|Tomorrow in the Battle Think on Me
|Mañana en la batalla piensa en mí
|Hours to read
|10 – 11
Tomorrow in the Battle Think on Me is a story focused on the theme of death and the feelings of guilt of those who remain alive.
The story told by Victor Francés, the screenwriter, takes place in Madrid and begins the night when Marta Téllez invites him to dinner in her apartment. Along with them there is also her son, who hinders their night of sex, because he doesn’t want to go to sleep, as if he knew what is going to happen, that is, she has an illness and dies. Victor will stay by her side without having the courage to look at her face, the last thing he’ll see is the back of her head.
We are so catapulted into the feelings and emotions of the protagonist, Victor, with his flow of thoughts and fears.
Marias tells the story with a slight shade of crime mystery: the story begins with a dead man and continues with a series of clues and details scattered here and there.
Victor initially tries to track down her husband, Eduardo, who is in London at the time, but then leaves the house, at least physically, because mentally he will be stationary at that time for the duration of the novel. He will try to outline the constellation of friendships and relatives of the deceased, reconstructing the past of the woman, but also his.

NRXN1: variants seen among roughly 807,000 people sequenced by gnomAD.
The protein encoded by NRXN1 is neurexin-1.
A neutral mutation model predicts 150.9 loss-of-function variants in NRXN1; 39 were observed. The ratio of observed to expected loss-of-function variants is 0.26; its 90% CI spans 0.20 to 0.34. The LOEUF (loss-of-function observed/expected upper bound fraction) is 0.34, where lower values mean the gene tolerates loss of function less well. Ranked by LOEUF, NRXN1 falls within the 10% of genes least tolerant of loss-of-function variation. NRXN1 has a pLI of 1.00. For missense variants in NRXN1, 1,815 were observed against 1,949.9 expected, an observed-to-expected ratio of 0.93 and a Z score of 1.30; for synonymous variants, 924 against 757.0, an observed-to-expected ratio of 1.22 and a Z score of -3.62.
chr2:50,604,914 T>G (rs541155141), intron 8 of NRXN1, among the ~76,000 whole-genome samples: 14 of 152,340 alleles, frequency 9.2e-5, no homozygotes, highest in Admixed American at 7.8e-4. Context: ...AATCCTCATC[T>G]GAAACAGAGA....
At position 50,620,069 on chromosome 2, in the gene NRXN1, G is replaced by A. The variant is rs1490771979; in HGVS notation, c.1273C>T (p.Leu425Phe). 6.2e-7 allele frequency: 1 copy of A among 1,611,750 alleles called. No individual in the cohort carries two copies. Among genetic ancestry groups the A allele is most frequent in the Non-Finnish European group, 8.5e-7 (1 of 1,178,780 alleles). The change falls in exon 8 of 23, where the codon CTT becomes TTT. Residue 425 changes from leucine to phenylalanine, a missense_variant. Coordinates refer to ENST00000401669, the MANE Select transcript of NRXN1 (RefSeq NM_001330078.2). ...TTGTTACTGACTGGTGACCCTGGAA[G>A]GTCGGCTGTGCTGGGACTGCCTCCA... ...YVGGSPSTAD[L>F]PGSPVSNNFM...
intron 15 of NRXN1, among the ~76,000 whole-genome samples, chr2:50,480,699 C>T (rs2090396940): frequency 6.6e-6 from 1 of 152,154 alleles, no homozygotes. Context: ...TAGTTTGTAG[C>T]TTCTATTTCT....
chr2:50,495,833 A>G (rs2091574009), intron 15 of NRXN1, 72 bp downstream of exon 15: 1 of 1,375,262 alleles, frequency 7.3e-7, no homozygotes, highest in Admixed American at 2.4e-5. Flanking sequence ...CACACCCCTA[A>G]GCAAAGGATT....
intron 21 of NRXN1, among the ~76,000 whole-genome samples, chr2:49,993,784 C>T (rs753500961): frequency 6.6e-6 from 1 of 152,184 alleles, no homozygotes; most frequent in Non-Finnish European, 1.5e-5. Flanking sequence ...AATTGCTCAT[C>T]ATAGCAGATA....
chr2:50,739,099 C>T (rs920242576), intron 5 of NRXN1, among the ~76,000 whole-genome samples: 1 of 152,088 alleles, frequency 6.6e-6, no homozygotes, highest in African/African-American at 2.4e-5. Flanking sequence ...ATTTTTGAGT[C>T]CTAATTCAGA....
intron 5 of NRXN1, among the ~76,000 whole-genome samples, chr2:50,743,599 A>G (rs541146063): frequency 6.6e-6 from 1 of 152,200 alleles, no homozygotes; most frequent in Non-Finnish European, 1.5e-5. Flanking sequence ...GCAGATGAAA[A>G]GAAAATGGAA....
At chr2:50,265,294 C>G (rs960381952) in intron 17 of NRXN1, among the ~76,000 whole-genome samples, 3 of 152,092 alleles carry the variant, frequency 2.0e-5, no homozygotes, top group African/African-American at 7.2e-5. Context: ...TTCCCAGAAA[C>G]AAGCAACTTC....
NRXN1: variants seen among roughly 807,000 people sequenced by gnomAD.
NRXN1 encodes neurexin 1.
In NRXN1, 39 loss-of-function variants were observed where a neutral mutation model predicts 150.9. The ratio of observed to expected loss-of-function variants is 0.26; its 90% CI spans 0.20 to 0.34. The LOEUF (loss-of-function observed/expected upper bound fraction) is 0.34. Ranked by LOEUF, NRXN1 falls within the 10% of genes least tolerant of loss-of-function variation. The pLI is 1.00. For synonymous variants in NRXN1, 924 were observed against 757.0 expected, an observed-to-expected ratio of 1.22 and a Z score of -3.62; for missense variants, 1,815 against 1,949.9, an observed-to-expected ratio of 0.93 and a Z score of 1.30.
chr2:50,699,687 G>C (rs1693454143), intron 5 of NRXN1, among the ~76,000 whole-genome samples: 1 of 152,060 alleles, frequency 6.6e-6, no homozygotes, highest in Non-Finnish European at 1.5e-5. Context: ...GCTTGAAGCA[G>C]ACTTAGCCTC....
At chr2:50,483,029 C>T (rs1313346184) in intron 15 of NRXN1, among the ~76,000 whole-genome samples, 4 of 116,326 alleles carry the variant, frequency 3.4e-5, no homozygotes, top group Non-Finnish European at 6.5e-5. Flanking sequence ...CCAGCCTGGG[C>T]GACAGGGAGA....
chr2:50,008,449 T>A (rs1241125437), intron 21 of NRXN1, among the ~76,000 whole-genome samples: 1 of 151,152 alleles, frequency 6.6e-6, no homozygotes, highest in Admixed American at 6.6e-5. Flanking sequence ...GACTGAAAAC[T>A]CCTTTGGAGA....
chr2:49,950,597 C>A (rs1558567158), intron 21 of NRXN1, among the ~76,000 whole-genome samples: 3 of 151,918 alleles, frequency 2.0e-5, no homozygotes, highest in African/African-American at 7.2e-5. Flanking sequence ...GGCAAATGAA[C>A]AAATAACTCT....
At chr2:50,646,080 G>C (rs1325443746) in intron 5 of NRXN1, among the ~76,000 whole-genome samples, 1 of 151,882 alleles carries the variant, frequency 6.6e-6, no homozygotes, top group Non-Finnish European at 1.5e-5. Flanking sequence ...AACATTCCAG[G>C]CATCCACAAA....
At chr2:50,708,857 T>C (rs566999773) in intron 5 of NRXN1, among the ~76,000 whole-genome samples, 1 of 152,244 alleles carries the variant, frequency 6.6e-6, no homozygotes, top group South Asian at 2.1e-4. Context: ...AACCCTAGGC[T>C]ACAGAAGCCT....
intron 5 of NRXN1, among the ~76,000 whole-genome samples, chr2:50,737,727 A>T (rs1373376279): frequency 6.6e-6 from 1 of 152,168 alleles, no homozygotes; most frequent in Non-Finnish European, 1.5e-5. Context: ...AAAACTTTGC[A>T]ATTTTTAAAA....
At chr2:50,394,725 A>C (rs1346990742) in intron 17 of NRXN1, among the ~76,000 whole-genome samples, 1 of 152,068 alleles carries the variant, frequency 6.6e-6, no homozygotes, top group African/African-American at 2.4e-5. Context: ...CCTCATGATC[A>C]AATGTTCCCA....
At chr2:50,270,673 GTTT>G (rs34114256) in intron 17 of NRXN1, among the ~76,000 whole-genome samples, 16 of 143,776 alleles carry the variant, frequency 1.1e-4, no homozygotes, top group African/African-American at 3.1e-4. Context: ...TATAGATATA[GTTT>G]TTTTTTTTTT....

At the center of the novel, beyond the theme of the death of the way, how it is lived and accepted in its unpredictability, there are also relationships of couple mostly full of duplicity and deception.
The end of the novel is a sigh of relief for the protagonist, who listening to Eduardo’s story is as if he understood that his position is much less vile than what he expected and that he was a spectator in a sea of lies and in this way can leave the house.
What is surprising is that although individuals are constantly trying to create relationships, eventually they find themselves alone.
The phrase Tomorrow in the Battle Think on Me is the curse that the ghost of Queen Anne throws to the king, responsible for her death, in “Richard III” of Shakespeare. This phrase repeated several times in the text not only makes Marta always present, as if she was a ghost in the mind of Victor, but also explains her psychological drama, her sense of guilt: that of being still alive and being unable to save her. He just accompanied her to her death.
The child, in this context, who cannot speak, because he is only two years old seems to exemplify the modernity of the language on death. Death is unspeakable, indescribable.
The novel was much appreciated by critics and the public and won the Romulo Gallegos Prize and the Prix Femina Etranger.